What Does the C-Suite Think HR Does?

HR Management
by Stephen Bruce, PhD, PHR

What the C-Suite thinks HR does isn’t so very flattering, says consultant Andrew Botwin. In today’s issue, his tips for reversing that view and “getting a seat at the table.”

Botwin, founder of SPC Consulting, offered the following tips at BLR’s 2013 Strategic HR Summit held recently in Scottsdale, Arizona.

What the C-Suite Thinks HR Does

  • Says “No”
  • Hires and Fires
  • Controls with rules and enforcement
  • Generates costs and overhead
  • Gets in the way

What HR Really Does

  • Looks out for the company
  • Makes sure bad things don’t happen
  • Engages in risk management
  • Makes money
  • Saves money


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To make his point about management attitudes stronger, Botwin quotes a Forbes magazine article “It’s time to fire HR.” The article says HR is a necessary evil, a dark force that revels in red tape and gibberish. Another indicator of HR’s reputation, Botwin adds, is that top students are not thinking about HR as a career.

Unconditional Responsibility

The first step to being viewed as a strategic player is to assume unconditional responsibility, Botwin says.

When things happen, he explains, there are two choices, be the victim or take unconditional responsibility. Say, for example, there is an incident of harassment. We can say “It’s not my fault, we trained the people and we can’t control what they do.” That’s a valid response, says Botwin, but it’s not the response of a leader. A leader has to be unconditionally responsible.

So you’re going to respond, let me look into it, do another assessment, and take steps to remedy the situation.

Responsibility leads to respect, Botwin says.

IFRS … GAAP … Gross Profit

Talk like a business person, not solely like an HR person, Botwin says. Are you familiar with terms like IFRS (International Financial Reporting Standards) and GAAP (Generally Accepted Accounting Practices)? That’s the language of business, Botwin says, and that’s what the CEO and the CFO are talking about.

Talk like a  problem solver. Don’t say, “We can’t do that. We’ll be sued.” Yes, it is your risk management role to say that, but it provides no solution. You need to provide solutions when talking to the C-Suite.

However, be careful with buzz words. Overuse may be perceived as lack of depth, says Botwin.

Metrics and Analytics—Always and Never

Always be looking for ways to create analytics, but never rely exclusively on one metric, Botwin warns.

Leverage Up

Every job in the organization has as its main purpose leveraging the person the job reports to. Since most people don’t act that way, if you do, you will stand out, Botwin says. Be as helpful as you can and do as much as you can to make your executives’ lives easier.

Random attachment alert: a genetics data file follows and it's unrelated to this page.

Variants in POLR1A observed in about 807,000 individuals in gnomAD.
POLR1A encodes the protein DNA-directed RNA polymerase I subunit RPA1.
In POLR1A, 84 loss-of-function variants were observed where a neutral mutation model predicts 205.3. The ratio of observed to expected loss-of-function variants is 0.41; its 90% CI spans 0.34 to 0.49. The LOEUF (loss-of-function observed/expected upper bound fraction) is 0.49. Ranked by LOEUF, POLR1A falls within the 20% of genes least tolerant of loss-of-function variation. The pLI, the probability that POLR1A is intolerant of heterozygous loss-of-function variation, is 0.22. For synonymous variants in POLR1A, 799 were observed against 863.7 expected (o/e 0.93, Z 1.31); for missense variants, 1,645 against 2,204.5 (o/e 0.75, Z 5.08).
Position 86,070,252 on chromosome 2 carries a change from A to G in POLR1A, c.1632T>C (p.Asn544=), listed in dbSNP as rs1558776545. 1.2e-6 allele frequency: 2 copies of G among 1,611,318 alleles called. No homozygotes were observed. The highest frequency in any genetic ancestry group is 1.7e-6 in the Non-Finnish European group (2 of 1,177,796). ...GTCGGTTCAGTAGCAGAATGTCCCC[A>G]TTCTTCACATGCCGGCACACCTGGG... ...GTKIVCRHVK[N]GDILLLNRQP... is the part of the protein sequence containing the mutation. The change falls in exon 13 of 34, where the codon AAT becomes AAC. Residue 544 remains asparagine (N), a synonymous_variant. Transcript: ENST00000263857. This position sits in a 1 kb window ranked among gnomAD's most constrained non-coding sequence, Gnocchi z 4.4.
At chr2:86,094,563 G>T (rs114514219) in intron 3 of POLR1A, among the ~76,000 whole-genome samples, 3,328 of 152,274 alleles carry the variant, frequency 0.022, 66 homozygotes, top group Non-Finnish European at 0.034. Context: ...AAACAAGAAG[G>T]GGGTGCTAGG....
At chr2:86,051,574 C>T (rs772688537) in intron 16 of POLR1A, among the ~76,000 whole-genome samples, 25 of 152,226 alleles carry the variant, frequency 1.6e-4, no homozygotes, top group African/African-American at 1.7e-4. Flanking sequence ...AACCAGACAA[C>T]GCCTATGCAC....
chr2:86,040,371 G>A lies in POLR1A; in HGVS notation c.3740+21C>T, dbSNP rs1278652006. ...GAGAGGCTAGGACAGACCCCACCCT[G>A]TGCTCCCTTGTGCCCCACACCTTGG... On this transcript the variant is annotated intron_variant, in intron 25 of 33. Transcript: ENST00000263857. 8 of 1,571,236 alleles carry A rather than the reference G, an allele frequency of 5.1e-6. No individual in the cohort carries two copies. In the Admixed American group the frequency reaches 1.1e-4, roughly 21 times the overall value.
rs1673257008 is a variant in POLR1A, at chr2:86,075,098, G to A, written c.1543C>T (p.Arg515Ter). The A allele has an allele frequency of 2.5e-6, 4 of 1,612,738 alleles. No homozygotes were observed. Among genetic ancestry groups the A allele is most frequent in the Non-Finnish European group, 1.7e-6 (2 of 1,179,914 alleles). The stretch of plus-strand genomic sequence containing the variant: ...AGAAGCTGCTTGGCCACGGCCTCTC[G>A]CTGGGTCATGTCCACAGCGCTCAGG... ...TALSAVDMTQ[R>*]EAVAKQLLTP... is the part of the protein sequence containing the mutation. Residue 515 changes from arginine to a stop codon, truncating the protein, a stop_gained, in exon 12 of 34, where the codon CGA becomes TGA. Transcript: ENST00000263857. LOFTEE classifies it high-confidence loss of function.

Culture Is Critical

Botwin (and presentation attendees) offered the following positive points on culture:

  • Better customer experiences
  • Lower recruiting costs and better hires
  • More efficient operations (increase in discretionary effort)
  • Higher quality production
  • Higher sales, more successful marketing
  • Better retention and engagement

Need some analytics? Botwin says studies show:

  • Top cultures outperform S&P Companies by  a factor of 3.
  • Strong cultures increase employee engagement  by 25 percent, giving a 42 percent increased return in shareholder value and a 46 percent higher return on assets.
  • High engagement companies show a 13 percent improvement in net income.

The bad news is, studies show that 71 percent of U.S. workers are not engaged, says Botwin. And that breaks down into 52 percent who are just doing what they need to do to collect a paycheck and 19 percent who are actively disengaged, that is, actually working against the company.


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Engagement  is Your Job

Be a coach and a cheerleader, says Botwin. Develop programs that foster engagement, but remember that programs don’t engage, people do.

Too Much Engagement Can Backfire

Botwin tells of the time a top 10 CPA firm worked hard to recruit a coveted recent grad, and Botwin arranged a very big deal celebration on the new employee’s first day. Unfortunately, he forgot that the new person was very reserved, and the overdone celebration caused him to reconsider his decision to join the company. (He stayed.)

In tomorrow’s Advisor, more of Botwin’s tips, plus an introduction to Wage & Hour Compliance: Practical Solutions for HR.

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  1. Anonymous        
    June 25, 2013 8:00 am

    Unfortunately, HR usually is not for the sensitive. You need a tough skin to deal with the perceptions of both the C suite and the rank and file.